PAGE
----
top ten things to know about
grand teton national park foundation
What is Grand Teton National Park Foundation?
A private, nonprofit organization established in 1997 to raise funds for projects that enhance
and protect Grand Teton National Park's cultural, historic, and natural resources.
What are Grand Teton National Park Foundationís priorities and how are they determined?
The Foundation worked with the park to identify priorities through 2018. In addition to the visitor center and the high-tech auditorium, current projects include: wildlife research and protection, climate change research, teen trail crews, a multicultural youth program, and an upcoming large-scale trail restoration campaign.
Why donít entrance fees cover the costs of operating the park? Why does Grand Teton National Park need private philanthropy in addition to tax dollars?
Infrastructure and operations are provided for through congressional appropriations. As one of over 390 National Park
Service units, Grand Teton competes for these limited funds along with all of the nationís parks.
Private philanthropy funds improvements, critical research, and programs that enhance visitorsí experiences.
These gifts elevate special park initiatives beyond the realm of appropriations and enable special projects
that would otherwise not be done.
Does the Foundation receive federal funding for operations? How are private funds raised?
The Foundation does not receive federal funding. The organization receives gifts from individuals,
foundations, and corporations and also competes for private-sector grants.
Why build a new visitor center?
The Moose Visitor Center was constructed in 1961 and could no longer adequately serve the number of annual visitors.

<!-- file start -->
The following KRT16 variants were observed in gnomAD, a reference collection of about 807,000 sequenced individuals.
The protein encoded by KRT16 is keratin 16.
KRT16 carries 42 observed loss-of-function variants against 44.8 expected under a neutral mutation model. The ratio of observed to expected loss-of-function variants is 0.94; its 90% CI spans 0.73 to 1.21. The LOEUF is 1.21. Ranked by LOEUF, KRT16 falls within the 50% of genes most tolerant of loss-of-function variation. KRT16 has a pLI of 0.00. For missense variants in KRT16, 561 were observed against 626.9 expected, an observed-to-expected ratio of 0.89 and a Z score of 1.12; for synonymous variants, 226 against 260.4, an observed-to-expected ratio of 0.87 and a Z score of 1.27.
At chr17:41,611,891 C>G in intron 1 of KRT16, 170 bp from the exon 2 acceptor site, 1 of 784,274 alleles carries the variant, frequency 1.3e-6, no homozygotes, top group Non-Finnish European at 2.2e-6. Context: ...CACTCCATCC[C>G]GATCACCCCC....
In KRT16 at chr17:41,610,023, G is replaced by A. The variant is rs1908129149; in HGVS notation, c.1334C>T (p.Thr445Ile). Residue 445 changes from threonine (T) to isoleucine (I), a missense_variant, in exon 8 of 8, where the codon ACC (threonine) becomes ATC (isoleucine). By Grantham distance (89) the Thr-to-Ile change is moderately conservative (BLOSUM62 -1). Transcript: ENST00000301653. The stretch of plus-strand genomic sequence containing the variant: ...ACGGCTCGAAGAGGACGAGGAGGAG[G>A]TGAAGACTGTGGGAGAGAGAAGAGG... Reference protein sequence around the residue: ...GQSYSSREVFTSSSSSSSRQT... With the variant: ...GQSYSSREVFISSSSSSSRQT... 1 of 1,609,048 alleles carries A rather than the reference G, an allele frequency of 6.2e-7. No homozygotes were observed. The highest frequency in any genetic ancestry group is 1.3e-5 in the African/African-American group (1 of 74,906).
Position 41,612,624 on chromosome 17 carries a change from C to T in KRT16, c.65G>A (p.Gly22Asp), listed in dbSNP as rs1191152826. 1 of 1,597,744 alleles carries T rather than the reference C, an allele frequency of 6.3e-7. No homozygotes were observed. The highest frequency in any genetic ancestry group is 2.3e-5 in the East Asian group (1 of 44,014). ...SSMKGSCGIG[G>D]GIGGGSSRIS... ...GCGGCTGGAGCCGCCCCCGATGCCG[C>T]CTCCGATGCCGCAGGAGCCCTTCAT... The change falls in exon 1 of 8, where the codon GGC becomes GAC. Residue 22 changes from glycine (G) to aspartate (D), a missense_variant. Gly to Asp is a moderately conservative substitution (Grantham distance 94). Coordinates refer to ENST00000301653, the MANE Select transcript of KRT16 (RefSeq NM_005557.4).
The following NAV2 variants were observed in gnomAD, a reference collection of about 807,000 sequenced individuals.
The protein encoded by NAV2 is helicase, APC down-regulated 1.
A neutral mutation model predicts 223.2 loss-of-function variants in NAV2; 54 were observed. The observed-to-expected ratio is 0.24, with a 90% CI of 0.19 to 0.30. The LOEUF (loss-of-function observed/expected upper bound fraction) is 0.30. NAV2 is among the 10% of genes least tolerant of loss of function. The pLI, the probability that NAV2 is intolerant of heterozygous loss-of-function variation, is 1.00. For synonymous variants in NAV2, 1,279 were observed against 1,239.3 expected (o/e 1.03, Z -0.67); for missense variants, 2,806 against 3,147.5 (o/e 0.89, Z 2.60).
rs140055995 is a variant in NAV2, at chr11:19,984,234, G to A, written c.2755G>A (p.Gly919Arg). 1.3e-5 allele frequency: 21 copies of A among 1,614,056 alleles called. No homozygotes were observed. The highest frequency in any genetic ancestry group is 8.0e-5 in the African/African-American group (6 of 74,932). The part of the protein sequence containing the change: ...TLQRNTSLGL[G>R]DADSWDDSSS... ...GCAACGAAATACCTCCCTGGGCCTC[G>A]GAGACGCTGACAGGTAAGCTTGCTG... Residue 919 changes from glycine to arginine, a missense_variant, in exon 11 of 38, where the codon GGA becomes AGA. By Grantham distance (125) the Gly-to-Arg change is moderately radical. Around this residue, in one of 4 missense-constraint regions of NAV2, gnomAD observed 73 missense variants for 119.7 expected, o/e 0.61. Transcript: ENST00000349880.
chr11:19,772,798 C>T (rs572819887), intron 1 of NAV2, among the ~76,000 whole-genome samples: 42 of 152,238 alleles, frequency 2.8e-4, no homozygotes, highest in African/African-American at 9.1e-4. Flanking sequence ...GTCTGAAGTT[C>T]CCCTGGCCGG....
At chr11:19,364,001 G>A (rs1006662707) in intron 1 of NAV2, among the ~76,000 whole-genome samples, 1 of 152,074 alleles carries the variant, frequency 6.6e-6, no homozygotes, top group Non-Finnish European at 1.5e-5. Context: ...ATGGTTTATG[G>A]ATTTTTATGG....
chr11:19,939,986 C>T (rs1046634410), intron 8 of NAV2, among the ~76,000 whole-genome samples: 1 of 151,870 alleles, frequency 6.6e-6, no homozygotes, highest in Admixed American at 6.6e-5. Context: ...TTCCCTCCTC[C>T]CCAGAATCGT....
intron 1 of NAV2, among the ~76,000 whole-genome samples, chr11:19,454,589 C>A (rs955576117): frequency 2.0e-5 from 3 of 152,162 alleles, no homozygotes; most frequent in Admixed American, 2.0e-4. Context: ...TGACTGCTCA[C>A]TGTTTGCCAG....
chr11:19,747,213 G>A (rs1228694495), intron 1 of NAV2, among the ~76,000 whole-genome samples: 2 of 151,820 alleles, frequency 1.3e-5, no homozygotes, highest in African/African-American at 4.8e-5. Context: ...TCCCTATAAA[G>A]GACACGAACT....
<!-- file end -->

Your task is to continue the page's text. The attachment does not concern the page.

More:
The facility was overcrowded, noisy, lacked appropriate ventilation, and did not meet current seismic safety standards.
What was the Foundationís role in facilitating a new visitor center?
When the park was unable to secure sufficient federal funding to cover the cost of building a new facility,
the Foundation launched a capital fundraising campaign to generate the additional funds.
The $21.6 million visitor center was built with an $8 million congressional appropriation and $13.6 million in
The $3.2 million auditorium addition, scheduled to open in spring 2011, is 100% privately funded.
Is the Craig Thomas Discovery and Visitor Center a sustainable building?
The building was designed to silver LEED standards; however, the building is not officially
certified due to the additional $250,000 certification cost. Sustainable features include: Low-E glass;
recycled countertops, partitions, and carpet; radiant concrete slabs warmed by low-temperature water;
ENERGY STAR-rated appliances; and waterless urinals and low-flow toilets.
Why does the Craig Thomas Discovery and Visitor Center need an auditorium?
Currently, there is no appropriate venue in the visitor center for audio-visual presentations,
such as the parkís Discovery documentary, or for lectures and interpretive programs.
Tour and convention groups, schools, and community organizations also need space for special programming.
What is next on the Foundationís horizon?
Bear boxes and wildlife research continue to resonate with donors. A large-scale trail campaign will soon begin to address erosion and other
impact issues on the parkís most popular routes. Youth programs are also a favorite with the organization as upcoming generations will
eventually steward our wilderness areas and make decisions about the future of our parks. Introducing technology into the park experience
will also play a role in Grand Teton's efforts to reach out to a younger audience. Maud Nobleís cabin and Mormon Row need attention and
interpretation, and the Colter Bay Indian Arts Museum is a high priority, too.
Where can I find governing documents?
The Foundation's most recent 990 and audited financials, can be accessed online. Additional governing documents and original organizing documents are available upon request.